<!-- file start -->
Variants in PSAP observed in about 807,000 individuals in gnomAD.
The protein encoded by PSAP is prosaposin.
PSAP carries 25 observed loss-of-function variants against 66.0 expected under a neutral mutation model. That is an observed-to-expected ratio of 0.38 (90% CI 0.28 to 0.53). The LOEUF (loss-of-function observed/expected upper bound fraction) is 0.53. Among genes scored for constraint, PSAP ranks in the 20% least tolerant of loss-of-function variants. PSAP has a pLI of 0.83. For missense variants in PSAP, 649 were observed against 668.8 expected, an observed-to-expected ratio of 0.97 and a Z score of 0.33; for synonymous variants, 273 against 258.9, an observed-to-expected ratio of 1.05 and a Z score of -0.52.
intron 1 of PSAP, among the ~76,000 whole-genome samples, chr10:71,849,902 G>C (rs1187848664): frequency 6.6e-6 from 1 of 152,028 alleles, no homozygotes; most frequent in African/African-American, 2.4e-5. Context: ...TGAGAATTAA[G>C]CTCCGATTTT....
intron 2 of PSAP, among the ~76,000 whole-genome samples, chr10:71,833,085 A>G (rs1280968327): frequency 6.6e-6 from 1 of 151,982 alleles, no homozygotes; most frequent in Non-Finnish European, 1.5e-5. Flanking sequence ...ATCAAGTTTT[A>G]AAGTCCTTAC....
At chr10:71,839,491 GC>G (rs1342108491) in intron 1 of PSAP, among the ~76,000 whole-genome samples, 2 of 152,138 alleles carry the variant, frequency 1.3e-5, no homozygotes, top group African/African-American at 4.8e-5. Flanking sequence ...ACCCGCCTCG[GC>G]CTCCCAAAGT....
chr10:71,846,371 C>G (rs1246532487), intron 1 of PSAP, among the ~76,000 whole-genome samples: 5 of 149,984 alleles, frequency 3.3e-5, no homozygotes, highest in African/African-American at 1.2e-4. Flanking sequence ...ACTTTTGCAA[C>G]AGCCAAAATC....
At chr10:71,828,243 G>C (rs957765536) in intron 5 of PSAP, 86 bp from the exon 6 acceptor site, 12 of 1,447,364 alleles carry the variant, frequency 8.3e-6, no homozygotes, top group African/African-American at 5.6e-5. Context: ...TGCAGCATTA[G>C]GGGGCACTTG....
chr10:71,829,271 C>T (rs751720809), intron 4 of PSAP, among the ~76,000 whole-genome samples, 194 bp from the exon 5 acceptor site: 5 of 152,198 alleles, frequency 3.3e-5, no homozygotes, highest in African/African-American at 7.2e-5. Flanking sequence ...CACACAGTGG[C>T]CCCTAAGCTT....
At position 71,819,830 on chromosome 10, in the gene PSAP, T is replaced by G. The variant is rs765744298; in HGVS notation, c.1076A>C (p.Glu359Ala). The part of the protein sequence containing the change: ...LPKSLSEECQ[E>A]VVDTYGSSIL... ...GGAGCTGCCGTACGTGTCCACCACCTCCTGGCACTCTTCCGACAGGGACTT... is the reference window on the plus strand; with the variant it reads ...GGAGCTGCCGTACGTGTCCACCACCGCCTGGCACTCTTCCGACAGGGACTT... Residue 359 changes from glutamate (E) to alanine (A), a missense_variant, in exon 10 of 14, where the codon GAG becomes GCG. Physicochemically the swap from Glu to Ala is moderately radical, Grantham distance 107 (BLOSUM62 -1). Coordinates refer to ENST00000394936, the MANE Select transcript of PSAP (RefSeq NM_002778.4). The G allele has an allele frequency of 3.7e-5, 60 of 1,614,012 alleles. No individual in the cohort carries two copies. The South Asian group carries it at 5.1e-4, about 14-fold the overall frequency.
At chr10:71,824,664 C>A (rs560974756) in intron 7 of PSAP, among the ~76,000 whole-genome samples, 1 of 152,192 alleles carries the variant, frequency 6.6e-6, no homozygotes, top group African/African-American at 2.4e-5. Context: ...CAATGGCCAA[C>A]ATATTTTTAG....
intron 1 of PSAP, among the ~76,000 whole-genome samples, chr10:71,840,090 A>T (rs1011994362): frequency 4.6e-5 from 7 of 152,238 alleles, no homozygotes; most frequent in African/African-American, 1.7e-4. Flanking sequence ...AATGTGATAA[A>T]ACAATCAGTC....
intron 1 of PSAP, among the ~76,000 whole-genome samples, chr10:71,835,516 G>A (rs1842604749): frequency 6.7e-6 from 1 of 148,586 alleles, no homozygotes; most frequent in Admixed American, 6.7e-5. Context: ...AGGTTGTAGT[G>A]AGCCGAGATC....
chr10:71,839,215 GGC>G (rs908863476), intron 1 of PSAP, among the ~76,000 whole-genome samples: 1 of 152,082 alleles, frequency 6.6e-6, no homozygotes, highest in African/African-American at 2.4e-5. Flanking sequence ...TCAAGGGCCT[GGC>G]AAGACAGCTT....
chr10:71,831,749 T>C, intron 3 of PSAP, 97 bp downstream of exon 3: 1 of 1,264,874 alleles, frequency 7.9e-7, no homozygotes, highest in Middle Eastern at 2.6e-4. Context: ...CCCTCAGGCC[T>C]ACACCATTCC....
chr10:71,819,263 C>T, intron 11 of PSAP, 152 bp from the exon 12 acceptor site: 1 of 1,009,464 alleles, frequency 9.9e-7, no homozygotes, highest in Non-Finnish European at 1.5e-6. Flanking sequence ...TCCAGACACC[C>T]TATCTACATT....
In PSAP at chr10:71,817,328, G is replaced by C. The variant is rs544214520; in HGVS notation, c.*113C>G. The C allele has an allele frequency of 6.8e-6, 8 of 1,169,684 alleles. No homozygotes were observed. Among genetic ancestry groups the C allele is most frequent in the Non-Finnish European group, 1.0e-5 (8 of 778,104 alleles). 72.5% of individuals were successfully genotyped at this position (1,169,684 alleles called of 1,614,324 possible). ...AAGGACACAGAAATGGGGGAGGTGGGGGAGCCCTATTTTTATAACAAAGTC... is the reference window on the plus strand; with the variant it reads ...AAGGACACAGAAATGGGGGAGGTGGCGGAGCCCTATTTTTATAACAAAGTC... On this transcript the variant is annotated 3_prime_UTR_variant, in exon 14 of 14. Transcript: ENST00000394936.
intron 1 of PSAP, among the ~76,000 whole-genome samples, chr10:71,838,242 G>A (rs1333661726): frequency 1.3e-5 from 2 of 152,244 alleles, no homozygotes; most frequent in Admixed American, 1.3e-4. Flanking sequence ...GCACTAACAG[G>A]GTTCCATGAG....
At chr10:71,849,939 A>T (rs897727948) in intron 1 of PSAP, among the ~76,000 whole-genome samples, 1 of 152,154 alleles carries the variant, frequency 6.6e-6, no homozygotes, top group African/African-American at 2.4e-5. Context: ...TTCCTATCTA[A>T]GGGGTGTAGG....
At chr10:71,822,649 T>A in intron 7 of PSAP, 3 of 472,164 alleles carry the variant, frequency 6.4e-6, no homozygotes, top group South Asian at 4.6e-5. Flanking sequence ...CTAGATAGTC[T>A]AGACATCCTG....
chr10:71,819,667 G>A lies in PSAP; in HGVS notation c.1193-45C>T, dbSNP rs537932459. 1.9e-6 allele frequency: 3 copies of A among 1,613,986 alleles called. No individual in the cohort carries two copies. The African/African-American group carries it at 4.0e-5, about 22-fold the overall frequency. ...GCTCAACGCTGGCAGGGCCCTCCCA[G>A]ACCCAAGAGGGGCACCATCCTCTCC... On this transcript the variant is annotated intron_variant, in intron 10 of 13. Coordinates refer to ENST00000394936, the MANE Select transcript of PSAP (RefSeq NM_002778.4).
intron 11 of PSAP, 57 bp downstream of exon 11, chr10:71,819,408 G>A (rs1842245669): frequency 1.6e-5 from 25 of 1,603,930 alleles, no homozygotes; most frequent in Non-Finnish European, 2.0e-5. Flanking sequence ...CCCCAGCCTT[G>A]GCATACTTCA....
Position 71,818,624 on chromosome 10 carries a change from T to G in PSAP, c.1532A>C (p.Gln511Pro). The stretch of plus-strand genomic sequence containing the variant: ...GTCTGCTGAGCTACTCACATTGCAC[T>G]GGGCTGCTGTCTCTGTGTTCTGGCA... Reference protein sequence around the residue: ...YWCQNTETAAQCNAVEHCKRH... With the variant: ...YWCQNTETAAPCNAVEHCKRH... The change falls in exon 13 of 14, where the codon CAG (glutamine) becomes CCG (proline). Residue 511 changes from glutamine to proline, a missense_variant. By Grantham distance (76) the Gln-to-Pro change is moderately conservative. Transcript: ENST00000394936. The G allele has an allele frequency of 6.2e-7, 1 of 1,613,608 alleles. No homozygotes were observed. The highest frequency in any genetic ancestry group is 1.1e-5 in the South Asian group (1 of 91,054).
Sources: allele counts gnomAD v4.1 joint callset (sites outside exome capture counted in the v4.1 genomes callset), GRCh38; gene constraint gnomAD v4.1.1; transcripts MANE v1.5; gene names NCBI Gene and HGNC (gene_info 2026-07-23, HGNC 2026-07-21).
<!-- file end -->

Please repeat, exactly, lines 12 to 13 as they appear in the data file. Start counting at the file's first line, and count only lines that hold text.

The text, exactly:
intron 1 of PSAP, among the ~76,000 whole-genome samples, chr10:71,840,090 A>T (rs1011994362): frequency 4.6e-5 from 7 of 152,238 alleles, no homozygotes; most frequent in African/African-American, 1.7e-4. Flanking sequence ...AATGTGATAA[A>T]ACAATCAGTC....
intron 1 of PSAP, among the ~76,000 whole-genome samples, chr10:71,835,516 G>A (rs1842604749): frequency 6.7e-6 from 1 of 148,586 alleles, no homozygotes; most frequent in Admixed American, 6.7e-5. Context: ...AGGTTGTAGT[G>A]AGCCGAGATC....